- Catcher Russell Martin, who along with Grilli was a key part of the Pirates’ excellent 2013 season, says he’ll fondly remember Grilli’s tenure with the Bucs, reports Bucs Dugout’s David Manel. “To look back on it can motivate you, it can give you confidence, it can make you believe that what we have here is good,” Martin says. He adds, however, that Grilli struggled after being demoted from the closer’s role. “[J]ust like any athlete, when you’re not doing well and the team’s heading into a different direction, it can leave some sourness,” says Martin “I think Grilli still wanted to be the closer. To have that taken away can be a little frustrating.”
On its face, the deal is a swap of change-of-scenery candidates, and indeed both general managers have described it as such. But context is everything, as always. Frieri is still just shy of 29 years old, and agreed to a $3.8MM salary in his first year of arbitration eligibility. Meanwhile, Grilli — who is already 37 — is playing out the final year of his two-year pact, under which he is owed $4MM for this season. In sum, while the current salary obligations are a virtual push, the Pirates will also gain the right to control Frieri through arbitration until 2016, if they so choose.
Grilli had served as the Pirates’ primary closing option for most of the past two seasons before being removed from the role recently. The veteran had put together three straight seasons of outstanding pitching in Pittsburgh, tossing a combined 141 1/3 frames of 2.74 ERA ball with 12.8 K/9 against 3.2 BB/9. But 2014 was a different story, as he is allowing 4.87 earned runs per regulation game, with his strikeouts falling and walks rising (9.3 K/9 and 4.9 BB/9). Some of Grilli’s difficulties can probably be attributed to a susceptibility to the long ball (1.77 HR/9 and 14.3% HR/FB) that may be due for some regression.
Meanwhile, Frieri emerged with the Angels in 2012 after being acquired from the Padres in a rare early-season trade. He went on to put up two good seasons as the Halos’ 9th-inning man, notching a stellar 2.31 ERA in 66 total innings in 2012 before working to a 3.80 mark over 68 2/3 frames last year. As with Grilli, things have gone south quickly: Frieri now sports a 6.39 ERA through 31 innings in 2014. On the other hand, his peripherals (11.0 K/9 vs. 2.6 BB/9 and a 35.3% ground-ball rate that is an improvement over past seasons) suggest at least some hope for a turnaround. Indeed, both xFIP (3.20) and SIERA (2.56) could indicate that Frieri has been somewhat better than his results.
It remains to be seen precisely how the two players will be incorporated into their respective bullpen mixes. Angels manager Mike Scioscia indicated that Grilli will not jump straight into the closer’s role, reports Alden Gonzalez of MLB.com (via Twitter), who notes that the club almost certainly intends to move him there in time. “We’ll see where he fits in,” said Scioscia. Of course, subsequent moves could alter things further, as Los Angeles GM Jerry Dipoto indicated in a quote (via Jeff Fletcher of the Orange County Register, on Twitter): “This is a step toward addressing those [bullpen] needs, but I’d be surprised if it’s the only step.”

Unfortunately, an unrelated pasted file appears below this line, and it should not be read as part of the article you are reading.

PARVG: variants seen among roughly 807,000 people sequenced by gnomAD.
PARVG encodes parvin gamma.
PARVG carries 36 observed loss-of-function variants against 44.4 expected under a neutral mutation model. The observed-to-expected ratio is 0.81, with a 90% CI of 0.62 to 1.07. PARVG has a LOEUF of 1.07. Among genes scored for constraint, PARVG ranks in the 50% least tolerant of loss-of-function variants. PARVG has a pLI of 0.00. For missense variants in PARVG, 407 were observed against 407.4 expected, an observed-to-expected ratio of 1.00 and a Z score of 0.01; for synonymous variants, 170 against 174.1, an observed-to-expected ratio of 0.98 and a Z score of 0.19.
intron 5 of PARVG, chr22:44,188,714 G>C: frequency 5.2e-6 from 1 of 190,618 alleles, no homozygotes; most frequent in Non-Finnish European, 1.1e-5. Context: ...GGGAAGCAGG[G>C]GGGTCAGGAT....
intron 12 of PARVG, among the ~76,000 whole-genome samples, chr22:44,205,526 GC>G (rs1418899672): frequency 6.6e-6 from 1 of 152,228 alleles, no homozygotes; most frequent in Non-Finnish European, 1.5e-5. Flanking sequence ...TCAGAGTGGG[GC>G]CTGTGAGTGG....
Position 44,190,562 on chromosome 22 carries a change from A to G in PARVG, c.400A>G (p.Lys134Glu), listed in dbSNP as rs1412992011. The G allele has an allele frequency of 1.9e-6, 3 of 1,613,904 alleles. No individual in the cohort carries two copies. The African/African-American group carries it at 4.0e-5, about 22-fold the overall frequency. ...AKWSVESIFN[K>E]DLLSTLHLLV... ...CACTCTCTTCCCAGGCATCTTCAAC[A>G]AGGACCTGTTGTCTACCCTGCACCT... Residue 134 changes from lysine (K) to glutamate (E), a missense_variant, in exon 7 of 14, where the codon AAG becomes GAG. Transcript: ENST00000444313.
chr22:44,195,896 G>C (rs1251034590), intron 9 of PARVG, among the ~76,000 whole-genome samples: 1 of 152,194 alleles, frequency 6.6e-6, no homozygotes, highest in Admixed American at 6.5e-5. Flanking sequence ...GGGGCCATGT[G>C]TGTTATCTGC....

On the other side of things, Pittsburgh has deployed Mark Melancon as its closer since moving Grilli out of the role (and, earlier in the season, while Grilli was rehabbing). It would seem more likely that Frieri ends up working in a set-up capacity, unless Melancon falters. Pirates GM Neal Huntington said that Melancon will indeed be the closer, though he also made mention of Frieri’s experience in that role, reports Travis Sawchik of the Pittsburgh Tribune-Review (via Twitter).
It may be a bit early, but Jim Bowden of ESPN.com (Insider sub. req'd) grades everyone's offseason to date in the American League. The Yankees get a B+ for holding firm in the Robinson Cano negotiations and the A's get an A for their acquisitions of Craig Gentry, Luke Gregerson, and Jim Johnson. Teams like the Indians, Blue Jays, and Orioles, on the other hand, will need to do more if they want better marks from Bowden. Here's this afternoon's look around baseball..
- Pirates closer Jason Grilli says he would like extend his contract, tweets Travis Sawchik of the Pittsburgh Tribune-Review (on Twitter). Grilli, who inked a two-year, $6.75MM deal with the Bucs last offseason, posted a 2.70 ERA with 13.3 K/9 and 2.3 BB/9 in 54 appearances last season. The 37-year-old is represented by Gary Sheffield, as shown in the MLBTR Agency Database.
- Brett Tomko is pitching in the Dominican Republic and throwing 92-94 MPH, Chris Cotillo of MLB Daily Dish reports (on Twitter). The 40-year-old is seeking a minor league deal with big-league invite. Tomko last appeared in the majors in 2011 when he made eight relief appearances for the Rangers.
- R.J. Anderson, Ben Lindbergh and Bret Sayre of Baseball Prospectus weighed in on the Rays' re-signing of James Loney. The two sides agreed to a three-year, $21MM deal this week.
- The Rockies are optimistic after a productive start to the offseason, writes Tracy Ringolsby of MLB.com.
The Cubs continued their trajectory as baseball's most active team on the trade front this morning when they officially traded Alfonso Soriano and $17.7MM to the Yankees in exchange for right-hander Corey Black. The deal saves the Cubs roughly $6.8MM and brings a power arm that was selected in the fourth round of last year's draft into their system. Here's more on Soriano and the rest of the NL Central…
- Soriano told Gordon Wittenymyer of the Chicago Sun-Times that he believes another team would've beaten the eight-year, $136MM contract he signed with the Cubs back in 2006. At least one team told Soriano's agent to give them a chance to beat any offer, but Soriano decided that he wanted the opportunity to join the storied history of the Cubs and bring a championship to Chicago.
- While Brewers GM Doug Melvin recently turned away an inquiry on Kyle Lohse, another Brewers-connected person implied to Jon Heyman of CBS Sports that Lohse could be had for the right package of prospects.
- Within that same piece, one GM provided a long list of reasons that Yovani Gallardo isn't drawing interest. Gallardo's velocity is down, he's owed $15MM through 2014 and he also comes with off-the-field baggage in the form of a DUI arrest earlier this season.
- The Pirates announced today that Jason Grilli has a flexor strain in his right arm. He is not a candidate for surgery, which is good news for the Bucs, but he will still miss four to eight weeks. Jon Paul Morosi of FOX Sports tweets that the Pirates become more active in the bullpen trade market.